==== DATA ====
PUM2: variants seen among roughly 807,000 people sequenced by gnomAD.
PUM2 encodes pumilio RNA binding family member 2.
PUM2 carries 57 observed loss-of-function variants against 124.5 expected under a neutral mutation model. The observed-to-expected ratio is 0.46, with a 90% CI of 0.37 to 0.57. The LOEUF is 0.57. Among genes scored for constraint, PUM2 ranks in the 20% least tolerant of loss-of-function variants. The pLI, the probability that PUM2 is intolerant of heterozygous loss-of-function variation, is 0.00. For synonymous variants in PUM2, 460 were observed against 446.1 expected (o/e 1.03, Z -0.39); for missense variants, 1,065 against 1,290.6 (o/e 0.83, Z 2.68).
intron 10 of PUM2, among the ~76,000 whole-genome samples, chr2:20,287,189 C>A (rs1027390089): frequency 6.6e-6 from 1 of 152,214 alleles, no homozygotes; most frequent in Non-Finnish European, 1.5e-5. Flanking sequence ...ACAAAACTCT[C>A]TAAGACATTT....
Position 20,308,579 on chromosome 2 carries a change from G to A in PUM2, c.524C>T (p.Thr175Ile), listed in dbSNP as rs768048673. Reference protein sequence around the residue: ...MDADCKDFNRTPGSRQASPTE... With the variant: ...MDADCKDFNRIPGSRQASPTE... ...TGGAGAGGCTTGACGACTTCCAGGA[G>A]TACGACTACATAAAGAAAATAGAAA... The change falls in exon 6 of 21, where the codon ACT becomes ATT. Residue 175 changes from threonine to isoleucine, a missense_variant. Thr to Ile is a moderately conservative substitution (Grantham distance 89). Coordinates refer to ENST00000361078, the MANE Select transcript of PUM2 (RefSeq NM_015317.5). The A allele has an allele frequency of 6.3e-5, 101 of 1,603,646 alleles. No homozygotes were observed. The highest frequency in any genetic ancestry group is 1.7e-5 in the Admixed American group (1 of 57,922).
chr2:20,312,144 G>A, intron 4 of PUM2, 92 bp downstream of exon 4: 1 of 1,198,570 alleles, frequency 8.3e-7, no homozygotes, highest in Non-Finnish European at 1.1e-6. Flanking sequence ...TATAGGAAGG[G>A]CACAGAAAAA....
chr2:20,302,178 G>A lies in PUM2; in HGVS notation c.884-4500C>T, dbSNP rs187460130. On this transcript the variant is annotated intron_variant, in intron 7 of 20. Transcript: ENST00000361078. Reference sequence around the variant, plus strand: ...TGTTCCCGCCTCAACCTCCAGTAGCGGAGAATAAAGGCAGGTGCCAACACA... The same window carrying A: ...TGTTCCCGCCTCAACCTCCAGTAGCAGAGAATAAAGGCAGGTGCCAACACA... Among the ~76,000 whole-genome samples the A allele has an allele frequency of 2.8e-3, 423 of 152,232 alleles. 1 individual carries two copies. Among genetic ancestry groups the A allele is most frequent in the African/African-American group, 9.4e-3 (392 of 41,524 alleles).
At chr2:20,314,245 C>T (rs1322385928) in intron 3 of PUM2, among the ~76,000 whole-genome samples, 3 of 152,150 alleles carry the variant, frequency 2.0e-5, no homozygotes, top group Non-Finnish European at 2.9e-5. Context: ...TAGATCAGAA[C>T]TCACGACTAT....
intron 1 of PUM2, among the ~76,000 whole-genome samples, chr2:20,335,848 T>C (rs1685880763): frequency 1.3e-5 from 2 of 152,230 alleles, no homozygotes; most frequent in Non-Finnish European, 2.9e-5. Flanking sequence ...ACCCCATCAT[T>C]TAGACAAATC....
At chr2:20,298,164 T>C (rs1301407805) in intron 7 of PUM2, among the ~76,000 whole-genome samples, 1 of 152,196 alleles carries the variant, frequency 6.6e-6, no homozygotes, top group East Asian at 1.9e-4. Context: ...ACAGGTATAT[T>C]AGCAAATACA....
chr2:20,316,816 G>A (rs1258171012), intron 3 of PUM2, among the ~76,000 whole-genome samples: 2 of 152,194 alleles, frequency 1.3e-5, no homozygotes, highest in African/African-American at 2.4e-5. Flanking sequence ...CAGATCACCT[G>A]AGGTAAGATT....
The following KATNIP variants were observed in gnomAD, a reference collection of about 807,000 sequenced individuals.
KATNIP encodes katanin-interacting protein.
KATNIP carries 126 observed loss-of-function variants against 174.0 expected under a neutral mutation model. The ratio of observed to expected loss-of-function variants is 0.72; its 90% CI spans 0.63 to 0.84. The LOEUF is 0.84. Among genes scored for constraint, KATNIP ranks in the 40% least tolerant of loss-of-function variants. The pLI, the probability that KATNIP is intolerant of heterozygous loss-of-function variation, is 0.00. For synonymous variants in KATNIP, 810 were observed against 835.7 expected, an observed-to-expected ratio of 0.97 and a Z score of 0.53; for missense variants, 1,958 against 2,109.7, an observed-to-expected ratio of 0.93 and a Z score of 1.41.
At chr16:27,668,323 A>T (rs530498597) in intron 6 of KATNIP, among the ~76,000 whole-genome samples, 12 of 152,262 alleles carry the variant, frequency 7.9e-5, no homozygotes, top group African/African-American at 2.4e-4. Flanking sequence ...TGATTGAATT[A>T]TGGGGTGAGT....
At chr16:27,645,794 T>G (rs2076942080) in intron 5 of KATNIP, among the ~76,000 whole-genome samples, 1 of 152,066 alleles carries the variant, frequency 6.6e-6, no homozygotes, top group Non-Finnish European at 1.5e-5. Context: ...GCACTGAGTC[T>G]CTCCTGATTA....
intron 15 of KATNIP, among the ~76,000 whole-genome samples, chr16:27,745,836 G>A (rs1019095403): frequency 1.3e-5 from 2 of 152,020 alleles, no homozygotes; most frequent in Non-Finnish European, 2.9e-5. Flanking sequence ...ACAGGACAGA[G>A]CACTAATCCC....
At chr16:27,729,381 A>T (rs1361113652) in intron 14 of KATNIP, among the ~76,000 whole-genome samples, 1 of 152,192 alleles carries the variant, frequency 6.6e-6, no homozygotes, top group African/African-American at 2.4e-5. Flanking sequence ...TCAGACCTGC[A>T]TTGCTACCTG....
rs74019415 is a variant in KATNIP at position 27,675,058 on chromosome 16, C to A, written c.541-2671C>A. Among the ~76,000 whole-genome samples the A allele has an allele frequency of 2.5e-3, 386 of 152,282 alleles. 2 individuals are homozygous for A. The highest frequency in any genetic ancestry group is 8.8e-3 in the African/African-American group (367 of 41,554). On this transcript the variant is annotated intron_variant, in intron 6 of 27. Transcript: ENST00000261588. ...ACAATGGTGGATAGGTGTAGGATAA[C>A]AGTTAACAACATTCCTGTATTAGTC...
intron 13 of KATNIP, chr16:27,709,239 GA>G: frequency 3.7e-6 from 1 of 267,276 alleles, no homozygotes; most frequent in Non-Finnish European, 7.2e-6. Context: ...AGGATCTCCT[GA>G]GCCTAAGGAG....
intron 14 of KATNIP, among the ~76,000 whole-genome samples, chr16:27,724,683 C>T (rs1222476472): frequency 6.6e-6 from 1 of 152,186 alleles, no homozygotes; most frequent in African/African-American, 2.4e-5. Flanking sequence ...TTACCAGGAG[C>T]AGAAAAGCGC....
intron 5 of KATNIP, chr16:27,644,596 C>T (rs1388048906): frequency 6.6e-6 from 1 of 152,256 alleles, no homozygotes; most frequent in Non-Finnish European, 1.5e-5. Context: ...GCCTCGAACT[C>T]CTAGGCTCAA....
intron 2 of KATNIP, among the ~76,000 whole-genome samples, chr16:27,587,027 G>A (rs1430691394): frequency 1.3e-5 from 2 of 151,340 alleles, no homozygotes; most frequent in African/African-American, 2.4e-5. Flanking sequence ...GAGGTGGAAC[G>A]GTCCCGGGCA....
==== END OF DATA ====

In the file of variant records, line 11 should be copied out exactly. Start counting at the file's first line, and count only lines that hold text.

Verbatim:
chr2:20,316,816 G>A (rs1258171012), intron 3 of PUM2, among the ~76,000 whole-genome samples: 2 of 152,194 alleles, frequency 1.3e-5, no homozygotes, highest in African/African-American at 2.4e-5. Flanking sequence ...CAGATCACCT[G>A]AGGTAAGATT....